What is the purpose of the map?
The map highlights human rights violation records by local administrations, specifically provinces, as we believe local governments are playing a more active role in suppressing political dissent. Our data has proved that provincial authorities are responsible for the vast majority of arrests under “national security” allegations.
The map is centered around arrests, incidents, and perpetrators. Users can filter by arrests and incidents, as well as other data on perpetrators.
Why are there two views of the map?
The two views of the map allows users to see the distribution of individual incidents across the country, as well as the distribution of incidents by province, at a quick glance. We would like to draw attention to the record of human rights violations by provinces as our data has shown that provincial authorities are playing a more and more active role in repressing activists. Our map intends to track those trends.
Users can click on individual marker in the “View by Incident,” or on the province in the “View by Province,” to see more details of respective human rights violations incidents. You can also search and combine different criteria to see the distribution of human rights violation incidents by gender, religion, ethnicity, type of incidents, perpetrators, etc., across localities.
Are the locations the exact ones where human rights violations happened?
Not always. We try our best to obtain the most precise location data as possible. However, most of the locations should be seen as approximate. Sometimes, we omit the exact address due to privacy concerns for the activist.
What the map does and does not include?
The map includes: Incidents of harassment against political activists, including arrests and other harassment incidents, such as administrative fines, forced evictions, temporary detentions, etc. starting January 1, 2018.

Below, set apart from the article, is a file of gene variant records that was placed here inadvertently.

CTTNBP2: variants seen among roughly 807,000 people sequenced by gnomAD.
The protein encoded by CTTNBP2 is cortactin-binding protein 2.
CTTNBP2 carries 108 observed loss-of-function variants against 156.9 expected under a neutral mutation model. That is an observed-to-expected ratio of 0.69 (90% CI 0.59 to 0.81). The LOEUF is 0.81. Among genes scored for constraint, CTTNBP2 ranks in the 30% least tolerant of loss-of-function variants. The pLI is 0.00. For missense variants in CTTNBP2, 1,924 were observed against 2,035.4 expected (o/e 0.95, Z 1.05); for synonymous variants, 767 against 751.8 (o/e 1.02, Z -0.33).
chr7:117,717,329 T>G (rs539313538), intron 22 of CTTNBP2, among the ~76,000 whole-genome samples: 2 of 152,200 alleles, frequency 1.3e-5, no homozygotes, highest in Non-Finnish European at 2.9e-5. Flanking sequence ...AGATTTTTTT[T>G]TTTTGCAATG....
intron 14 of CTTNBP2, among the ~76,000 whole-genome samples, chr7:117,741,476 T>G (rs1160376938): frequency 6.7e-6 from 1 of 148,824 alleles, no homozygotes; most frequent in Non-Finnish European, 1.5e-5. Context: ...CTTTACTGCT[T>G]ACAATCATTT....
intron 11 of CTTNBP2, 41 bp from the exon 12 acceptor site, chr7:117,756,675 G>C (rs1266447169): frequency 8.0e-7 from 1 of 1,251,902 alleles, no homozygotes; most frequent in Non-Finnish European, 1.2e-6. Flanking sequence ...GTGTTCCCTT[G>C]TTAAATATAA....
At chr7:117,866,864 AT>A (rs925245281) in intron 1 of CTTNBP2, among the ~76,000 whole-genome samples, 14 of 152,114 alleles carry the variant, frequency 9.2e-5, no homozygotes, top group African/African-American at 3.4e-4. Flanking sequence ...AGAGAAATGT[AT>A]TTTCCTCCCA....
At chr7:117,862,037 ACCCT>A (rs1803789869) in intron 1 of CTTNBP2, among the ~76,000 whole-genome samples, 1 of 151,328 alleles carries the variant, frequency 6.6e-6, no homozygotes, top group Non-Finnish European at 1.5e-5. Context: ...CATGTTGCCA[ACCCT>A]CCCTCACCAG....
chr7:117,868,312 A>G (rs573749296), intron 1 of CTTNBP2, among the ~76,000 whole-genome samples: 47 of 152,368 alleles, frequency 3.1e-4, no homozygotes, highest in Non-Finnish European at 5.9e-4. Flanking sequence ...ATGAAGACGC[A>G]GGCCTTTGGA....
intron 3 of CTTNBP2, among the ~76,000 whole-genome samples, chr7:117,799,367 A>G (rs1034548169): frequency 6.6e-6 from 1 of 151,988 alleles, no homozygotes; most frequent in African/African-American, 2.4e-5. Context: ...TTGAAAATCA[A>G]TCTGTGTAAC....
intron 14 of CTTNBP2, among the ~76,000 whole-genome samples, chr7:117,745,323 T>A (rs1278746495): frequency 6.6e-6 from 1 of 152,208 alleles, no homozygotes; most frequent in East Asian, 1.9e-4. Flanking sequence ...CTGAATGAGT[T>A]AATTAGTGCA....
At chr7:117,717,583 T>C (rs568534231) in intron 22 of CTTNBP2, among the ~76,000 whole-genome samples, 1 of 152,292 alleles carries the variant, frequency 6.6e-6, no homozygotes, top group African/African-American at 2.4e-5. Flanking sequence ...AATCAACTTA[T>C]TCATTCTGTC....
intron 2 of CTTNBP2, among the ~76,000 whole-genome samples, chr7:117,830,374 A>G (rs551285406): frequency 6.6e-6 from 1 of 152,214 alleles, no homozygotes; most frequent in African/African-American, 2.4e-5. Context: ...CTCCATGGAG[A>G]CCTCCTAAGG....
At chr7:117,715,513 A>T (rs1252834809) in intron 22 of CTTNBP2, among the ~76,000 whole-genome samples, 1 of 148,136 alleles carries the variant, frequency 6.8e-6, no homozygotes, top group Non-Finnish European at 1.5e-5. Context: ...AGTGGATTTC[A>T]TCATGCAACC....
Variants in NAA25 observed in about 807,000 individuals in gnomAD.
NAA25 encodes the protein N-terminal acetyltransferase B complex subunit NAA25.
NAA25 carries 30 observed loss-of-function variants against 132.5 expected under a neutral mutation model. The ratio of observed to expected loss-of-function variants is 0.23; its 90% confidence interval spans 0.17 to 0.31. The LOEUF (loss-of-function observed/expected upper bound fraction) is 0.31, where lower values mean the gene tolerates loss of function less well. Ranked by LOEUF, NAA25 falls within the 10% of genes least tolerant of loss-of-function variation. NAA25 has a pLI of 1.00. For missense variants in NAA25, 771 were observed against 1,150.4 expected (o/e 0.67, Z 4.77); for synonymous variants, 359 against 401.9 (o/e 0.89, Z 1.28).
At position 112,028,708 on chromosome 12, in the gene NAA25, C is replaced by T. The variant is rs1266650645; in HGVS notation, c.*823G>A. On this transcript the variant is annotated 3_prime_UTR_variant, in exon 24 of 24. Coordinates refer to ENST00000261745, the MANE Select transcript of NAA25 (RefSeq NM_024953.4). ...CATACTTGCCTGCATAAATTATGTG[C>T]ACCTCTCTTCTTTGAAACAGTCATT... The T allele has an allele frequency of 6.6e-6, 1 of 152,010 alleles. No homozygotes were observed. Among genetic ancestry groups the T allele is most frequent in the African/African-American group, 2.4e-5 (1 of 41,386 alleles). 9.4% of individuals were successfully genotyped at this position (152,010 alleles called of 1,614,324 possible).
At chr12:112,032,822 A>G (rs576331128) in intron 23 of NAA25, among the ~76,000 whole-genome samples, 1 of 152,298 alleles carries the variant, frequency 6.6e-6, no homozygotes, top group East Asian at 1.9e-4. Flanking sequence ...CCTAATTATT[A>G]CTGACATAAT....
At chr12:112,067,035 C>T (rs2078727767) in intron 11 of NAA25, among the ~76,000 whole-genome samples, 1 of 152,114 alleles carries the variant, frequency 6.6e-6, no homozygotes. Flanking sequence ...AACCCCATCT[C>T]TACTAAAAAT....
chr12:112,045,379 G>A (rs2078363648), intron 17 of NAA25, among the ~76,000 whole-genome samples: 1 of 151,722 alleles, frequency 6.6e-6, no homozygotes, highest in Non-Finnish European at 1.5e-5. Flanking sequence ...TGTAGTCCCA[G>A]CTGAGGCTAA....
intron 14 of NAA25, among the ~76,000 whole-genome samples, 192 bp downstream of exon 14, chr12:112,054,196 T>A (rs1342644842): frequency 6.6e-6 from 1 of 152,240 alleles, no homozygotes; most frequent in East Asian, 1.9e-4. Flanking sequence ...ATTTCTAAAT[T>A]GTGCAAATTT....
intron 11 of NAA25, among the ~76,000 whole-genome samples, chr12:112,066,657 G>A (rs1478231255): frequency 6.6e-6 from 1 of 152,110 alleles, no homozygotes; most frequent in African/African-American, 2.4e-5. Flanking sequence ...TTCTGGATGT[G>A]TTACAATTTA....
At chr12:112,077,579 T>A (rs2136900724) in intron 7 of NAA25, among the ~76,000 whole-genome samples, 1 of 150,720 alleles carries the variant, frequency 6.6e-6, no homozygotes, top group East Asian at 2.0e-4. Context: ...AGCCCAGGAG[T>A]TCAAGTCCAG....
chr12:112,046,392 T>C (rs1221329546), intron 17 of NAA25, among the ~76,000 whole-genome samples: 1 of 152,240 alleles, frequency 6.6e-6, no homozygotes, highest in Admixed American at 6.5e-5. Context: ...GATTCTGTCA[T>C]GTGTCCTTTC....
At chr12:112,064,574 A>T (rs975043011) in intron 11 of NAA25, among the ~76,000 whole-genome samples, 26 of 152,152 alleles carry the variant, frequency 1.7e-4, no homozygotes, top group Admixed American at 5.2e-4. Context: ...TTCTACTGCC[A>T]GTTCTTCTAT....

The map does not include: Arrests and incidents prior to January 1, 2018, due to difficulty tracking incidents too far back in the past.
What are the levels of authorities and how do you determine which administrative unit belongs to which level?
According to Article 110 of the 2013 Constitution: “The administrative units of the Socialist Republic of Vietnam are distributed as follows: The country is divided into provinces and cities under direct central rule. The province is divided into districts, provincial cities, and towns; the city under direct central rule is divided into urban districts, rural districts, towns, and units of a similar level. The district is divided into communes and townlets; the provincial city and the town are divided into wards and communes; the urban district is divided into wards. Special administrative-economic units are created by the National Assembly.” Which is to say, the designation of administrative units is somewhat confusing. But it essentially follows a three-tier division. Under the national level, there are three local levels:
Level 1: Provinces and cities under direct central rule, which we refer to here municipalities, so Level 1 is Provinces/Municipalities.
Level 2: Administrative units directly below provinces and municipalities (“The province is divided into districts, provincial cities, and towns; the city under direct central rule is divided into urban districts, rural districts, towns, and units of similar level”), which, for ease of reference, we simplify here as District/City/Town level.
Level 3: Administrative units directly below District/City/Town (“The district is divided into communes and townlets; the provincial city and the town are divided into wards and communes; the urban district is divided into wards.”), which, for ease of reference, we simplify here as Commune/Townlet/Ward level.
To determine the level of a specific administrative unit, we have referred to the list of administrative subdivisions to determine the level of administrative division it belongs to, and assign a level accordingly.